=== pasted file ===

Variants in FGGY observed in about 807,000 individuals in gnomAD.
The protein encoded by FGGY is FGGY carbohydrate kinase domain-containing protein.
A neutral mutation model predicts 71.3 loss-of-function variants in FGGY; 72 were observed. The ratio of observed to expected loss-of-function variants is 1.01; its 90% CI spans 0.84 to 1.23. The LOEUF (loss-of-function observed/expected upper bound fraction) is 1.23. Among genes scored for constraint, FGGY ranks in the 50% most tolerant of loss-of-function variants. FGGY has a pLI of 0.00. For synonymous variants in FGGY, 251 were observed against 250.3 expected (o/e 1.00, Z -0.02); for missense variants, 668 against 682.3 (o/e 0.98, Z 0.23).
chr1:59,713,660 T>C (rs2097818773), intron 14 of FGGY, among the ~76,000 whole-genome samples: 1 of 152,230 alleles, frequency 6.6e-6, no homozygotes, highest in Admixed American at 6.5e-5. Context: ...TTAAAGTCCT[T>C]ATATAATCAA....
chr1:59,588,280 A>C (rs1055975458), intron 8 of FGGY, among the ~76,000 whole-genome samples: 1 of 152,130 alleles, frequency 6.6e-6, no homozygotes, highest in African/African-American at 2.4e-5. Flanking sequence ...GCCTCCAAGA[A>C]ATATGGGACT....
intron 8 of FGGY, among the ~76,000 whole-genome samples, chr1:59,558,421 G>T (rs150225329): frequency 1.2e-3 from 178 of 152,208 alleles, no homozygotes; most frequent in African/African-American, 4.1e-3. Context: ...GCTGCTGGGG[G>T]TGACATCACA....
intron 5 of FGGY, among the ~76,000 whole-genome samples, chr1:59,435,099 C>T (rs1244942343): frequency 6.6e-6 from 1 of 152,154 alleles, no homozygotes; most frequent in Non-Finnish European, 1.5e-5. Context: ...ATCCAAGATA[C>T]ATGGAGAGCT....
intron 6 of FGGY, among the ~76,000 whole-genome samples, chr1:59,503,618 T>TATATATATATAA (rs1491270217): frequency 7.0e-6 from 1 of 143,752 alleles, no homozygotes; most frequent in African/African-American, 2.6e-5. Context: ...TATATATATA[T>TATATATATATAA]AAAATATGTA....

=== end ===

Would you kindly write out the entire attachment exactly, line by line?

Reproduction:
Variants in FGGY observed in about 807,000 individuals in gnomAD.
The protein encoded by FGGY is FGGY carbohydrate kinase domain-containing protein.
A neutral mutation model predicts 71.3 loss-of-function variants in FGGY; 72 were observed. The ratio of observed to expected loss-of-function variants is 1.01; its 90% CI spans 0.84 to 1.23. The LOEUF (loss-of-function observed/expected upper bound fraction) is 1.23. Among genes scored for constraint, FGGY ranks in the 50% most tolerant of loss-of-function variants. FGGY has a pLI of 0.00. For synonymous variants in FGGY, 251 were observed against 250.3 expected (o/e 1.00, Z -0.02); for missense variants, 668 against 682.3 (o/e 0.98, Z 0.23).
chr1:59,713,660 T>C (rs2097818773), intron 14 of FGGY, among the ~76,000 whole-genome samples: 1 of 152,230 alleles, frequency 6.6e-6, no homozygotes, highest in Admixed American at 6.5e-5. Context: ...TTAAAGTCCT[T>C]ATATAATCAA....
chr1:59,588,280 A>C (rs1055975458), intron 8 of FGGY, among the ~76,000 whole-genome samples: 1 of 152,130 alleles, frequency 6.6e-6, no homozygotes, highest in African/African-American at 2.4e-5. Flanking sequence ...GCCTCCAAGA[A>C]ATATGGGACT....
intron 8 of FGGY, among the ~76,000 whole-genome samples, chr1:59,558,421 G>T (rs150225329): frequency 1.2e-3 from 178 of 152,208 alleles, no homozygotes; most frequent in African/African-American, 4.1e-3. Context: ...GCTGCTGGGG[G>T]TGACATCACA....
intron 5 of FGGY, among the ~76,000 whole-genome samples, chr1:59,435,099 C>T (rs1244942343): frequency 6.6e-6 from 1 of 152,154 alleles, no homozygotes; most frequent in Non-Finnish European, 1.5e-5. Context: ...ATCCAAGATA[C>T]ATGGAGAGCT....
intron 6 of FGGY, among the ~76,000 whole-genome samples, chr1:59,503,618 T>TATATATATATAA (rs1491270217): frequency 7.0e-6 from 1 of 143,752 alleles, no homozygotes; most frequent in African/African-American, 2.6e-5. Context: ...TATATATATA[T>TATATATATATAA]AAAATATGTA....